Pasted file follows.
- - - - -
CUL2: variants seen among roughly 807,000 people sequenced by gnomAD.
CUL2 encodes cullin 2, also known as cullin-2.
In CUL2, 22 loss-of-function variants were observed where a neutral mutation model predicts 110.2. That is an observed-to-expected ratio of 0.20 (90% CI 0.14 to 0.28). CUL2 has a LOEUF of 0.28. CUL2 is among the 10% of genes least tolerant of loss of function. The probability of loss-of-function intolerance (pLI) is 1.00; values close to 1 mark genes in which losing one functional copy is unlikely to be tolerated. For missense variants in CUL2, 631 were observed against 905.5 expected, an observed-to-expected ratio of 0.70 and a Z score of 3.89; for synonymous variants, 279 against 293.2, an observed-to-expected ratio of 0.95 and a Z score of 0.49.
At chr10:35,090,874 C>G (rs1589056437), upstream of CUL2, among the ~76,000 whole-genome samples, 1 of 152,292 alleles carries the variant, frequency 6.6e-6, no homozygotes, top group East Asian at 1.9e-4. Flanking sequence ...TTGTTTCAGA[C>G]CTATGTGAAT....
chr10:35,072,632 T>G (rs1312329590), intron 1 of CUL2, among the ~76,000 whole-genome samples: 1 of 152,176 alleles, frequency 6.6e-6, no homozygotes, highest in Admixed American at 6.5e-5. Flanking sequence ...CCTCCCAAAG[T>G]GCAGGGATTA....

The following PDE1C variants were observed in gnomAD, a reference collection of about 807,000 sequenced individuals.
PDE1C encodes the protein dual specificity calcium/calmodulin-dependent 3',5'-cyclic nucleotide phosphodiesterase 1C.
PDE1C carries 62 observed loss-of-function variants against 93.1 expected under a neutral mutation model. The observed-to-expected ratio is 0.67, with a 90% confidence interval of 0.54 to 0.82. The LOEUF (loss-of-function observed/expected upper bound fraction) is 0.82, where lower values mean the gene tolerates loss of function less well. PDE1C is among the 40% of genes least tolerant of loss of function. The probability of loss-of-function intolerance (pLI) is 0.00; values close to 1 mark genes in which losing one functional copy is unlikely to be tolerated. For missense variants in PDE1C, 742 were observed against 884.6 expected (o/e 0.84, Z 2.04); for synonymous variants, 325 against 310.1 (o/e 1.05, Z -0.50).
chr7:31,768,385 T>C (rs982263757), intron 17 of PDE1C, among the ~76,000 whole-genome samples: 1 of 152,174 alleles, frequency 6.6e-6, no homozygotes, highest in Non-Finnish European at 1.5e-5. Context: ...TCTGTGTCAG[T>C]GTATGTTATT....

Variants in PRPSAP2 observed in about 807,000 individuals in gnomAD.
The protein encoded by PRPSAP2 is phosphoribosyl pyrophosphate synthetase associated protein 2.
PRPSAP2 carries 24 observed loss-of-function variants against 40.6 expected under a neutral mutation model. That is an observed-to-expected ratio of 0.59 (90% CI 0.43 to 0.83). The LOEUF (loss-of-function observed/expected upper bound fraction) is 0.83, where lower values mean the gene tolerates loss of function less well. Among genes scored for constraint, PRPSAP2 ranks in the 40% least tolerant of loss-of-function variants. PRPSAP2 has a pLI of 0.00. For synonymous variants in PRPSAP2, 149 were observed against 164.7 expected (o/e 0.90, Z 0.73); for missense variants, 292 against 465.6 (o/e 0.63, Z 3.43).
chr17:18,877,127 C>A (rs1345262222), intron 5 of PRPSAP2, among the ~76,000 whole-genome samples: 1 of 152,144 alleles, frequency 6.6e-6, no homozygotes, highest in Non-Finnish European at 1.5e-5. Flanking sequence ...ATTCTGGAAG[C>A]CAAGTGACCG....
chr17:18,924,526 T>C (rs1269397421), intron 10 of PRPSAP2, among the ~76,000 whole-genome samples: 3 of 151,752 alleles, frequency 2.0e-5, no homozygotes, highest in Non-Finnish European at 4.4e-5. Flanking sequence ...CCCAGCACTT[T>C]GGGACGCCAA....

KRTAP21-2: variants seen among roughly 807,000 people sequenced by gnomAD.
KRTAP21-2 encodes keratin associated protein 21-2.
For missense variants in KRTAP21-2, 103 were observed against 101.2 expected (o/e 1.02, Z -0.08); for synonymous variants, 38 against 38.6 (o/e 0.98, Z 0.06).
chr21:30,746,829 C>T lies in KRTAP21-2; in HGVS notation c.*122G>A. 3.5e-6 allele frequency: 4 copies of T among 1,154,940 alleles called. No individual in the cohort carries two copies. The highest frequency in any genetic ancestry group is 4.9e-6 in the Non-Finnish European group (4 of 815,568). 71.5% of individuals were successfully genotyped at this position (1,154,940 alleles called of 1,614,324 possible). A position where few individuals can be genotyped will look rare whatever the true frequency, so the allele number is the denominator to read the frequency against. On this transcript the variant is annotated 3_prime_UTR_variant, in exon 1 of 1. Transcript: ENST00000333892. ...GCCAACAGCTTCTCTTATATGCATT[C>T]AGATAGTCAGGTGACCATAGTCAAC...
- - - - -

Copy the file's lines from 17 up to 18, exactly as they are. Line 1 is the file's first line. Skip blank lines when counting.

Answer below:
For missense variants in KRTAP21-2, 103 were observed against 101.2 expected (o/e 1.02, Z -0.08); for synonymous variants, 38 against 38.6 (o/e 0.98, Z 0.06).
chr21:30,746,829 C>T lies in KRTAP21-2; in HGVS notation c.*122G>A. 3.5e-6 allele frequency: 4 copies of T among 1,154,940 alleles called. No individual in the cohort carries two copies. The highest frequency in any genetic ancestry group is 4.9e-6 in the Non-Finnish European group (4 of 815,568). 71.5% of individuals were successfully genotyped at this position (1,154,940 alleles called of 1,614,324 possible). A position where few individuals can be genotyped will look rare whatever the true frequency, so the allele number is the denominator to read the frequency against. On this transcript the variant is annotated 3_prime_UTR_variant, in exon 1 of 1. Transcript: ENST00000333892. ...GCCAACAGCTTCTCTTATATGCATT[C>T]AGATAGTCAGGTGACCATAGTCAAC...